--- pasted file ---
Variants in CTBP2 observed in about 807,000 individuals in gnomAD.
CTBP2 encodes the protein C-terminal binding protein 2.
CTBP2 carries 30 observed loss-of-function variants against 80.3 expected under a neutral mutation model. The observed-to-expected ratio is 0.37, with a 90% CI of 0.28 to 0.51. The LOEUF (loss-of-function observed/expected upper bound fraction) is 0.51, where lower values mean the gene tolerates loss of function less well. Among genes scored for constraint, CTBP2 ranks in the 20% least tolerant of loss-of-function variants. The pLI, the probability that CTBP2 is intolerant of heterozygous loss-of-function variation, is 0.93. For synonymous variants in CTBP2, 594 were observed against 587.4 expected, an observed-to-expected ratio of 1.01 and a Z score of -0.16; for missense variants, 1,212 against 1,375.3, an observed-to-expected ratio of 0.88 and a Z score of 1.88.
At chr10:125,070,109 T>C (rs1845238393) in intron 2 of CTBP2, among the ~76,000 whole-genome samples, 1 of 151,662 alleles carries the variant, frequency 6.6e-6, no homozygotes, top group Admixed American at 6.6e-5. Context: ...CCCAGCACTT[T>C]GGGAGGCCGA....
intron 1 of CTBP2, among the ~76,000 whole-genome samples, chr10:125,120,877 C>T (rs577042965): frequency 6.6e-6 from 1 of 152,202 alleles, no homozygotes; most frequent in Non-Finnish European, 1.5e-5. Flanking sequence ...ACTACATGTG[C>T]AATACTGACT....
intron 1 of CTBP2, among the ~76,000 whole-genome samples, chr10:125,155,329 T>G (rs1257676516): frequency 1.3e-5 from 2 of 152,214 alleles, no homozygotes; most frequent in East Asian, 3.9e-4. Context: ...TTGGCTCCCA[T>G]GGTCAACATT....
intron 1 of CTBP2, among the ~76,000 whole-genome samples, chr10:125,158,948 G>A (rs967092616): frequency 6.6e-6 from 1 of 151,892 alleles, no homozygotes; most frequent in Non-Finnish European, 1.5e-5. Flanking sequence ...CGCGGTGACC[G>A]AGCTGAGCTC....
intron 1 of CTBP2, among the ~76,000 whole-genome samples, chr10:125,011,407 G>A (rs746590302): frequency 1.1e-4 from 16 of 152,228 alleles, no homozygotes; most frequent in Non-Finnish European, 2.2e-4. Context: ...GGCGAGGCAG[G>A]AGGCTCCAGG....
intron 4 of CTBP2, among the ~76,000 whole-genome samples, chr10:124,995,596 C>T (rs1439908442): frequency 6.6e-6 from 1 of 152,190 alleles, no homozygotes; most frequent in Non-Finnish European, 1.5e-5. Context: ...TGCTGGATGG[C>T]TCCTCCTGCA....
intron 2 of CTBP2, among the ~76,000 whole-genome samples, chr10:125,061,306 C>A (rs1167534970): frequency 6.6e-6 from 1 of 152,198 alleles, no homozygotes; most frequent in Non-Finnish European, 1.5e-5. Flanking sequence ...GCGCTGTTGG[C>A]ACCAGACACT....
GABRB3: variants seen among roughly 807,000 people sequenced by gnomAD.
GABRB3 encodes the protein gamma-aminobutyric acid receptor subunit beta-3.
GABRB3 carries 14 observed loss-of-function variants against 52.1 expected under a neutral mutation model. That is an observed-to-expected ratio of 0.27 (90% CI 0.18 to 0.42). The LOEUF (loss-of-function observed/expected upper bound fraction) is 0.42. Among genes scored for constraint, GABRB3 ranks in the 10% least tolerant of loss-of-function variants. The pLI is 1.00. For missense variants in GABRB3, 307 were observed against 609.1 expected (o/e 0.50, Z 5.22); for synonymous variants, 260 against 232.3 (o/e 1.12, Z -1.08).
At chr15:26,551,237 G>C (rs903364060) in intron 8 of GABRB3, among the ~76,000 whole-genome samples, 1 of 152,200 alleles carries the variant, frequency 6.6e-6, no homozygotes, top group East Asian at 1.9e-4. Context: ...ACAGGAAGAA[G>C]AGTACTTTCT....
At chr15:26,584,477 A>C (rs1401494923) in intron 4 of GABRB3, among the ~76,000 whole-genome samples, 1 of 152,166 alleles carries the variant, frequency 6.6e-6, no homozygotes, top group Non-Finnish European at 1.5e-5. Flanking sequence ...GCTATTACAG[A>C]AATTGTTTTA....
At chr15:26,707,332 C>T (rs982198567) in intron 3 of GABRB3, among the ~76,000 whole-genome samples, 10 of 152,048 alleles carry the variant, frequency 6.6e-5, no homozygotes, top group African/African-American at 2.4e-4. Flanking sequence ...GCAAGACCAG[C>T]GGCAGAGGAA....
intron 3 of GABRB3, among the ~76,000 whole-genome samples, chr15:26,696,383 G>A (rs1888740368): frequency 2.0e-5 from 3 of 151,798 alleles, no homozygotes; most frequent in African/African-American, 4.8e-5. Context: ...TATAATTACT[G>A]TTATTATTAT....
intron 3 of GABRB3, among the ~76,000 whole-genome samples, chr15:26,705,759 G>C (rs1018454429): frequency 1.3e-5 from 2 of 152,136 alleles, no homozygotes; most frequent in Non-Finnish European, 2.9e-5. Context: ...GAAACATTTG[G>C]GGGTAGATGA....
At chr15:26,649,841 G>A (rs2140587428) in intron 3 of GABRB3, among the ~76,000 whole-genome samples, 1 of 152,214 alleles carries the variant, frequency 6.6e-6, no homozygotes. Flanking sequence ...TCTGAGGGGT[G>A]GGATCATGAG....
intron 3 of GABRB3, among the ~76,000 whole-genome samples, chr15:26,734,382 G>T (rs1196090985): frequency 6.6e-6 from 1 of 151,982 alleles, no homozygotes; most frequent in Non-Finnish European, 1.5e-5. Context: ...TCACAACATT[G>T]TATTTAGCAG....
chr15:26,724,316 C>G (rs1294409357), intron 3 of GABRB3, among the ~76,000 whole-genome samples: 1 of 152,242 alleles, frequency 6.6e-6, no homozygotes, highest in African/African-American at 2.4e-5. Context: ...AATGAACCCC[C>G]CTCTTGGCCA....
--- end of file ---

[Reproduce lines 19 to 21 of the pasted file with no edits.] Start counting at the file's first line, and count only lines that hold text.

At chr15:26,649,841 G>A (rs2140587428) in intron 3 of GABRB3, among the ~76,000 whole-genome samples, 1 of 152,214 alleles carries the variant, frequency 6.6e-6, no homozygotes. Flanking sequence ...TCTGAGGGGT[G>A]GGATCATGAG....
intron 3 of GABRB3, among the ~76,000 whole-genome samples, chr15:26,734,382 G>T (rs1196090985): frequency 6.6e-6 from 1 of 151,982 alleles, no homozygotes; most frequent in Non-Finnish European, 1.5e-5. Context: ...TCACAACATT[G>T]TATTTAGCAG....
chr15:26,724,316 C>G (rs1294409357), intron 3 of GABRB3, among the ~76,000 whole-genome samples: 1 of 152,242 alleles, frequency 6.6e-6, no homozygotes, highest in African/African-American at 2.4e-5. Context: ...AATGAACCCC[C>G]CTCTTGGCCA....